About a week ago, after breakfast, she decided to stop eating. I was away for the weekend, she decided that she didn’t want to eat what Xander fed her, and she went on a hunger strike. This is not a huge deal, as she’s done this before for a day or two if she’s very stressed out. It doesn’t happen often. She didn’t eat Sunday. She didn’t eat Monday. She didn’t eat on Tuesday, and I was beginning to get rather worried. Her energy level was fine, she didn’t object to me poking around in her mouth, and nothing else seemed to be a problem. Wednesday she ate a little. I’m pretty sure she was just so starved she couldn’t hold off anymore. We went to the vet on Thursday.

The vet said she was the most well-adjusted, sweet Dane she had ever met. There were no signs of sickness of any sort – temperature was fine, she ate dog cookies like there was no tomorrow, and she got bored, curled up on the floor, and started snoozing. Did I mention that our dog is a couch potato? She takes after me – stress or boredom requires a nap in response.

The vet asked about the food Nyx was eating, made it very clear that she didn’t quite understand a raw diet, and suggested that maybe the dog was bored with her food.

We spoil Nyx rotten. I mean, she’s a reasonably well-trained dog – there’s no way I would have a 120 pound big black dog who was not well trained. She’s been trained using a clicker and lots of treats, though, which means she’ll do almost anything if one of her people has a treat for her. She goes to doggie day care to make sure she gets enough exercise while we are both working. She gets lots of attention and has a twin mattress she sleeps on next to our bed. She eats really good food.

Now she’s bored?

With an alternative of blood tests and stool samples, I took her to a little pet food store in Reno, Healthy Tails. They have always been good to us and given useful advice, and they know Nyx. They brought out samples of food for her to try.

Our dog, who has a beautiful coat and looks absolutely healthy, likes kibble. Not just any kibble, though. Some samples she picked up out of the offering hand, turned her head, and dropped on the floor. Her head is a fair ways up, so when she drops kibble, it scatters. A couple of kinds of food, though, she got extremely excited about. She sat without me having to ask, her ears perked up, and her tail started wagging. That was before she even got a taste of the food.

I need to be sure our dog stays healthy. I bought her kibble and a few other things to add in so the transition would be easier.

That night, she ate a little chicken and then ate everything I would give her of the other foods. She was up four hours later with a very upset stomach. I was not amused.

The next morning, when I put out the chicken, she refused to get off of the couch. (Yes, spoiled dog. I know.) I insisted. She moved. She didn’t, however, walk towards her crate. She flopped down on the floor on front of me. When I nudged her with my foot, she rolled onto her back and put her legs in the air.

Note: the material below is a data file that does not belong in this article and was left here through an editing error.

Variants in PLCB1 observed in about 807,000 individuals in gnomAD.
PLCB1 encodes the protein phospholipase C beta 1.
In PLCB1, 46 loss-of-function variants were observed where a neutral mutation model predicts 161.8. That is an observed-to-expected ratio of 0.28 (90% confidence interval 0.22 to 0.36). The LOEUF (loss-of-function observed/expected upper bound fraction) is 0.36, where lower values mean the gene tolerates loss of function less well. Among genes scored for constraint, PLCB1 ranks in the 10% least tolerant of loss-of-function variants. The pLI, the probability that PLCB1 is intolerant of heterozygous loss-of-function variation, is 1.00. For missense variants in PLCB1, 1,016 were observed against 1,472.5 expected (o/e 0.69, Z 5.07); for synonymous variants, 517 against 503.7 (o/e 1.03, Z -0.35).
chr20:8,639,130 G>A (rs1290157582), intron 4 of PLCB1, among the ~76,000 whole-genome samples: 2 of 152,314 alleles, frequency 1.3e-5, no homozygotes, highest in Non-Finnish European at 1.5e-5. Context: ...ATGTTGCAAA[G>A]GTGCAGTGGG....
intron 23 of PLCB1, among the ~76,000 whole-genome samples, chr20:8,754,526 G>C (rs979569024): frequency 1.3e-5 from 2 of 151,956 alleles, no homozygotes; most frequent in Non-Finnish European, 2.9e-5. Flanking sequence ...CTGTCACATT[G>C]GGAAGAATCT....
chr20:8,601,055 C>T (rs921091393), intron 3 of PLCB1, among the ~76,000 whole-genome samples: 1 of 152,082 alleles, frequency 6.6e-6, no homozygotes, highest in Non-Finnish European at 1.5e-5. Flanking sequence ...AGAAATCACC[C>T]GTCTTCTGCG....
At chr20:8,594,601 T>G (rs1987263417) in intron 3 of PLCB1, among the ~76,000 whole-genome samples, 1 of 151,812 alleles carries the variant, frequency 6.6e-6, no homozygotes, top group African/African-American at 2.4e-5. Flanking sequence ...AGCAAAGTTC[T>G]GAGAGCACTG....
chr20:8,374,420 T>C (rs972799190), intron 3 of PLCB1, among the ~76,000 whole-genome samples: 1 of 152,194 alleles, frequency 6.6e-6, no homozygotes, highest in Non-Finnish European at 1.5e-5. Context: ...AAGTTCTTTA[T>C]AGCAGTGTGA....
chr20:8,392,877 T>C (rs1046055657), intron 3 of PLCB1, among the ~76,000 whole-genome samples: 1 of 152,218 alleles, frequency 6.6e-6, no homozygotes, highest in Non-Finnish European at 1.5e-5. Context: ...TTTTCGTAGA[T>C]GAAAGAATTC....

Not only is she apparently good at passive resistance, she’s a clown, too. I’m so lucky.

I didn’t feed her that morning, considering the upset tummy the night before and my deep dislike of cleaning out crates when sickness has been involved. She did not seem to mind, although she did nose at the kibble bag a couple of times until I asked her to leave it. She sighed, ambled away, and settled in her crate with her peanut-butter-and-treats-stuffed Kong.

I fed her that night, and she ate everything that was offered and looked for more.

The only question now is how long she’ll like this food. I got two big bags of it, so hopefully she’ll eat it for at least that long.

Just a dog

I was driving a couple of kids around early this afternoon when we saw a pretty little (I have a Great Dane – this “little” dog was probably about 40 pounds) brindle dog running along a street. It wasn’t a busy street, so I wasn’t too worried, but we stopped and got him to go wander uphill, away from the road. I didn’t want to pick him up with someone else’s kids in the car, and he seemed disinclined to get too close, anyway.

Three hours later, coming down the same hill, with no kids in the car, I saw the dog again. I opened the door and called him and he hopped in and promptly fell asleep in the backseat. He seemed comfortable with people, his nails were trimmed, and he did not seem underfed or overweight. He looked like someone’s dog out for an excursion. He didn’t have a collar on, so I couldn’t call his owners. When I took him to animal control and put a leash on him, he was quite happy to walk with me and didn’t pull at all. He will be checked for a microchip and hopefully reunited with his family.

I’m a sucker for stray dogs. I worry about them getting hit, and I think about how devastated I would be if my dog got hit. I had a dog who escaped in the snow one day and wasn’t found for two days because he got hit, either by a car or a motorcycle, and hid under someone’s deck. I was incredibly relieved when someone called the number on his collar, and I don’t want anyone to have to go through that. I also generally like dogs and can read their body language fairly well, so I can tell if a dog will be ok for me to pick up or if I should call it in instead.

I grew up with rescue dogs. There are so many animals out there who need homes that it is really hard for me to buy a dog. When I have time, I train dogs at shelters so they can find a new family more easily. It’s important to me. I’m not completely sure why. I think it has something to do with the fact that they have no other recourse outside of trusting people to take care of them. They can’t just hitch a ride to the next city, find a job, and get by. They are dependent on us for survival in this world we have created and for which we bred them. Great Danes aren’t snow dogs, but our dog has a good life even in the winter. We are her family and we take care of her. Part of the reason her training is so important to me is so she can be around many different people without feeling anxious, and so people can come to her without feeling afraid. She’s a big black dog, and people have walked across the street to avoid getting near her.

If you have a dog, if you ever get a dog, please make sure it always has a collar, and make sure it has a microchip. It’s important. Vets will check for a microchip when someone brings in a new pet, so if your dog gets picked up by someone else, you may get it back from a vet who was paying attention. If you are a dog person and see a stray dog, call it in. It may be lost or afraid, and you might save its life by calling animal control or, if you are comfortable, picking it up and taking it in yourself.

I hope the sweet little brindle dog finds his way home or finds a new home. He was clearly well loved at some point, and he deserves a family.